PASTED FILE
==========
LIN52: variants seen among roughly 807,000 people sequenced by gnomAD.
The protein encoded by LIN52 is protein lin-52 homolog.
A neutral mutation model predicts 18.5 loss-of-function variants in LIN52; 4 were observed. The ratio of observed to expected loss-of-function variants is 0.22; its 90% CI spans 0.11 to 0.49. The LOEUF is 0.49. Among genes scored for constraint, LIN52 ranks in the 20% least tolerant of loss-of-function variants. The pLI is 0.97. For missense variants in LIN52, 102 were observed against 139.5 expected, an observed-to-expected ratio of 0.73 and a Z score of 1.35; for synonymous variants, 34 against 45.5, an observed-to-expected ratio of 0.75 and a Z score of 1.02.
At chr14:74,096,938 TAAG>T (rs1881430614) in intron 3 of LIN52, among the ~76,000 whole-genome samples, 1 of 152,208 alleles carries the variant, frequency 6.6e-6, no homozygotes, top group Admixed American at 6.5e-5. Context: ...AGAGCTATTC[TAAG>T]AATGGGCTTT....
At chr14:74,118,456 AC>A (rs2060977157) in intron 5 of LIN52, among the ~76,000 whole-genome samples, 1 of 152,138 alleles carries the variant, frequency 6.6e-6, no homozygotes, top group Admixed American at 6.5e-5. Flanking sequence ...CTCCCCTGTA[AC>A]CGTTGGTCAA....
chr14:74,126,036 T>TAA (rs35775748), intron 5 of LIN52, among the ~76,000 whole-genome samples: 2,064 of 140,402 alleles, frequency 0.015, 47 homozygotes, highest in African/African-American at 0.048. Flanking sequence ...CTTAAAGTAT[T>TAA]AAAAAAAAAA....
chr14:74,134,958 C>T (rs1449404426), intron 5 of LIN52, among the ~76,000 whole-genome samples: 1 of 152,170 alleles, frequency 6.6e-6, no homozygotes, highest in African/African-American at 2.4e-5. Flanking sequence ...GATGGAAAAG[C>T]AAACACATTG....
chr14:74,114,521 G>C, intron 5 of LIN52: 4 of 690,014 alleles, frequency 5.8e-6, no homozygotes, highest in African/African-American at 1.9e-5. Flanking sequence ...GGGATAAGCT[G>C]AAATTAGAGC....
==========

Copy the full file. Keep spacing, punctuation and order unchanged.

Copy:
LIN52: variants seen among roughly 807,000 people sequenced by gnomAD.
The protein encoded by LIN52 is protein lin-52 homolog.
A neutral mutation model predicts 18.5 loss-of-function variants in LIN52; 4 were observed. The ratio of observed to expected loss-of-function variants is 0.22; its 90% CI spans 0.11 to 0.49. The LOEUF is 0.49. Among genes scored for constraint, LIN52 ranks in the 20% least tolerant of loss-of-function variants. The pLI is 0.97. For missense variants in LIN52, 102 were observed against 139.5 expected, an observed-to-expected ratio of 0.73 and a Z score of 1.35; for synonymous variants, 34 against 45.5, an observed-to-expected ratio of 0.75 and a Z score of 1.02.
At chr14:74,096,938 TAAG>T (rs1881430614) in intron 3 of LIN52, among the ~76,000 whole-genome samples, 1 of 152,208 alleles carries the variant, frequency 6.6e-6, no homozygotes, top group Admixed American at 6.5e-5. Context: ...AGAGCTATTC[TAAG>T]AATGGGCTTT....
At chr14:74,118,456 AC>A (rs2060977157) in intron 5 of LIN52, among the ~76,000 whole-genome samples, 1 of 152,138 alleles carries the variant, frequency 6.6e-6, no homozygotes, top group Admixed American at 6.5e-5. Flanking sequence ...CTCCCCTGTA[AC>A]CGTTGGTCAA....
chr14:74,126,036 T>TAA (rs35775748), intron 5 of LIN52, among the ~76,000 whole-genome samples: 2,064 of 140,402 alleles, frequency 0.015, 47 homozygotes, highest in African/African-American at 0.048. Flanking sequence ...CTTAAAGTAT[T>TAA]AAAAAAAAAA....
chr14:74,134,958 C>T (rs1449404426), intron 5 of LIN52, among the ~76,000 whole-genome samples: 1 of 152,170 alleles, frequency 6.6e-6, no homozygotes, highest in African/African-American at 2.4e-5. Flanking sequence ...GATGGAAAAG[C>T]AAACACATTG....
chr14:74,114,521 G>C, intron 5 of LIN52: 4 of 690,014 alleles, frequency 5.8e-6, no homozygotes, highest in African/African-American at 1.9e-5. Flanking sequence ...GGGATAAGCT[G>C]AAATTAGAGC....